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erlang distribution 040669 || WS 2008 || Dr. Verena Schmid || PR KFK PM/SCM/TL Praktikum Simulation I 28 probability density function f(x) modeling sum of n exponential random variables distribution function F(x)

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Estimation 040669 || WS 2008 || Dr. Verena Schmid || PR KFK PM/SCM/TL Praktikum Simulation I29

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Estimation of Mean X 1, X 2, … X n are IID random variables –finite population –true mean ¹ –true variance ¾ ² sample mean (estimator for ¹ ) sample variance (estimator for ¾ ²) 040669 || WS 2008 || Dr. Verena Schmid || PR KFK PM/SCM/TL Praktikum Simulation I 30 identically and independently distributed

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Problem: no way (without additional information) to see how close estimator X(n) is to real mean → i.e. how “good” is estimator Estimation 040669 || WS 2008 || Dr. Verena Schmid || PR KFK PM/SCM/TL Praktikum Simulation I 31 xx first observation of X(n)second observation of X(n)

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Estimation X(n) itself is a random variable –random output of a single simulation run –on one experiment may be close to real ¹ –on another it my differ by a large amount from ¹ –has its own variance!!! –the large sample size n → the smaller variance of estimator → the closer estimator will be to true mean 040669 || WS 2008 || Dr. Verena Schmid || PR KFK PM/SCM/TL Praktikum Simulation I 32

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Estimation: construct confidence interval central limit theorem says… for large sample size n the estimator (sample mean) X(n) is approximately normally distributed with mean ¹ and variance ¾ ²/n problem real variance ¾ ² is usually unknown (but sample variance S²(n) converges to ¾ ² as n is “large enough”) 040669 || WS 2008 || Dr. Verena Schmid || PR KFK PM/SCM/TL Praktikum Simulation I 33

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confidence intervals confidence interval for the mean (unknown variance) t n-1, 1- ® /2 is the upper 1- ® /2 critical point of the t distribution with n-1 degrees of freedom → (tables!) confidence interval for the mean (unknown mean, normal distribution) 040669 || WS 2008 || Dr. Verena Schmid || PR KFK PM/SCM/TL Praktikum Simulation I 34

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confidence intervals interpretation: nothing probabilistic about confidence intervals (once they have been created – just numbers) if one constructs a very large number of independent confidence intervals, each based on n (“sufficiently large”) observations, the proportion of these confidence intervals that cover the real ¹ is equal to 1 - ® 040669 || WS 2008 || Dr. Verena Schmid || PR KFK PM/SCM/TL Praktikum Simulation I 35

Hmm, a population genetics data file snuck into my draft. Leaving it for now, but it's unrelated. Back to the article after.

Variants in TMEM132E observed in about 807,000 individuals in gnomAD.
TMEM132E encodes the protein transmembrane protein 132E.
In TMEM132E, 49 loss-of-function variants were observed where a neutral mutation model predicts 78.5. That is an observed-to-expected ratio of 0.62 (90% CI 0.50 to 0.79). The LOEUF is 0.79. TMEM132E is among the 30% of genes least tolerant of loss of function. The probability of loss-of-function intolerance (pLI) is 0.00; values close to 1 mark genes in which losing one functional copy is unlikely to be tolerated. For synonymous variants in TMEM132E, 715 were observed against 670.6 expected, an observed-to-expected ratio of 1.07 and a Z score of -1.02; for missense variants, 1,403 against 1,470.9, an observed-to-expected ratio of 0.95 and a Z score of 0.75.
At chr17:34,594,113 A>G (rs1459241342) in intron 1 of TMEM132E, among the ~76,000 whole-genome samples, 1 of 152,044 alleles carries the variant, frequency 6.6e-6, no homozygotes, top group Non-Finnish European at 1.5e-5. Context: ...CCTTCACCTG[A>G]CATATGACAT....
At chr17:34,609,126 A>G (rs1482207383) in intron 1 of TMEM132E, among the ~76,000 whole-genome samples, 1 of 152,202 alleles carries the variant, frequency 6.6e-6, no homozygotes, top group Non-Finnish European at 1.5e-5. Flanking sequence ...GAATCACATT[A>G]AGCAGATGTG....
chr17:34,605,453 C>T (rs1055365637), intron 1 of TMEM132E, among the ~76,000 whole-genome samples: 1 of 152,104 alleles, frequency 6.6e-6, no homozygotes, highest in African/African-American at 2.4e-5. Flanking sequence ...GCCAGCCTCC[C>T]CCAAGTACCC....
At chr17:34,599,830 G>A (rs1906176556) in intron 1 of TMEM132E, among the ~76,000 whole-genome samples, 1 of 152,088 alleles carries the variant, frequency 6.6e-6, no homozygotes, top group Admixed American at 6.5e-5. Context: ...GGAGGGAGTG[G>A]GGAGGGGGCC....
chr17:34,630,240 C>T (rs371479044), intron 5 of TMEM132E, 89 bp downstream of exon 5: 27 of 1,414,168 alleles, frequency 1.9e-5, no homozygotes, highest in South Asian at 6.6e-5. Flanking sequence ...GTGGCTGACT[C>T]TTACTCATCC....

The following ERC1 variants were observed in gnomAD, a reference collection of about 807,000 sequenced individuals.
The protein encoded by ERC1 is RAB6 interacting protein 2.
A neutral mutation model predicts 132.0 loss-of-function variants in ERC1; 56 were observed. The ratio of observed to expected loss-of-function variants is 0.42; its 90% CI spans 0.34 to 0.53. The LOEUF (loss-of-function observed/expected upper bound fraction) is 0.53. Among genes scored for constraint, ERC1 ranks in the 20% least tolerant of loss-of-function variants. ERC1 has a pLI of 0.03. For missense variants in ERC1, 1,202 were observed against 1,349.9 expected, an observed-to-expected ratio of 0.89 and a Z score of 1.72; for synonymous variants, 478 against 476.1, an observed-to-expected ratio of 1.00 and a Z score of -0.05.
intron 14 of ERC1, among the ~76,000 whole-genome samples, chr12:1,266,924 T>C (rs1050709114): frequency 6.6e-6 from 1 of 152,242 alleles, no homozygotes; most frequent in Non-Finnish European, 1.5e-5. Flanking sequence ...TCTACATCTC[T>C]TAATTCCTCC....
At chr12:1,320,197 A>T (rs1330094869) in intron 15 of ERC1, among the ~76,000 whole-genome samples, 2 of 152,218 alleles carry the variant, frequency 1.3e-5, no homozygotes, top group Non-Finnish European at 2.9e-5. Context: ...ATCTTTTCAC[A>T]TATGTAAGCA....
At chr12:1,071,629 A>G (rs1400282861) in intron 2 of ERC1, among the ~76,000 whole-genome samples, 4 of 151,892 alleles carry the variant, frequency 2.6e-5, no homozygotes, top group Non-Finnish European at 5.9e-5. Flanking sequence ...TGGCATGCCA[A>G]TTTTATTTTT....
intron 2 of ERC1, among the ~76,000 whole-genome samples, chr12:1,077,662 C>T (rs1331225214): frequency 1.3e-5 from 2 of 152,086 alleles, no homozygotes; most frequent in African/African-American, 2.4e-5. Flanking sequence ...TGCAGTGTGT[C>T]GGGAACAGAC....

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example: confidence intervals 10 observations 1.2 1.5 1.68 1.89 0.95 1.49 1.58 1.55 0.5 1.09 sample size n = 10 estimator for mean X(10) = 1.343 estimator for variance S²(10) = 0.16751222 90% confidence interval ( ® = 10%) 040669 || WS 2008 || Dr. Verena Schmid || PR KFK PM/SCM/TL Praktikum Simulation I 36

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necessary sample size Based on a sample with size n 0 –calculate the confidence interval for the mean –identify half-width h 0 How many sample values n would be necessary –to achieve a half-width h ??? 040669 || WS 2008 || Dr. Verena Schmid || PR KFK PM/SCM/TL Praktikum Simulation I 37

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example (cont) 10 observations 1.2 1.5 1.68 1.89 0.95 1.49 1.58 1.55 0.5 1.09 based on n 0 = 10 observations –half width h 0 = 0.24 Q: if you’d prefer a half width of 0.12 –what’s the necessary number of observation?? 040669 || WS 2008 || Dr. Verena Schmid || PR KFK PM/SCM/TL Praktikum Simulation I 38

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hypothesis testing test for real ¹ (two-tailed hypothesis testing) H 0 ¹ = ¹ 0 ( ¹ 0 fixed hypothesized value for ¹ ) alternatively if ¹ 0 is not contained in (1- ® )% confidence interval → reject H 0 if ¹ 0 is contained in (1 - ® )% confidence interval → accept H 0 040669 || WS 2008 || Dr. Verena Schmid || PR KFK PM/SCM/TL Praktikum Simulation I 39

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Comparison of 2 Alternatives Confidence Intervals for the difference of the means (independent) –equal variances, but unknown –different variances 040669 || WS 2008 || Dr. Verena Schmid || PR KFK PM/SCM/TL Praktikum Simulation I 40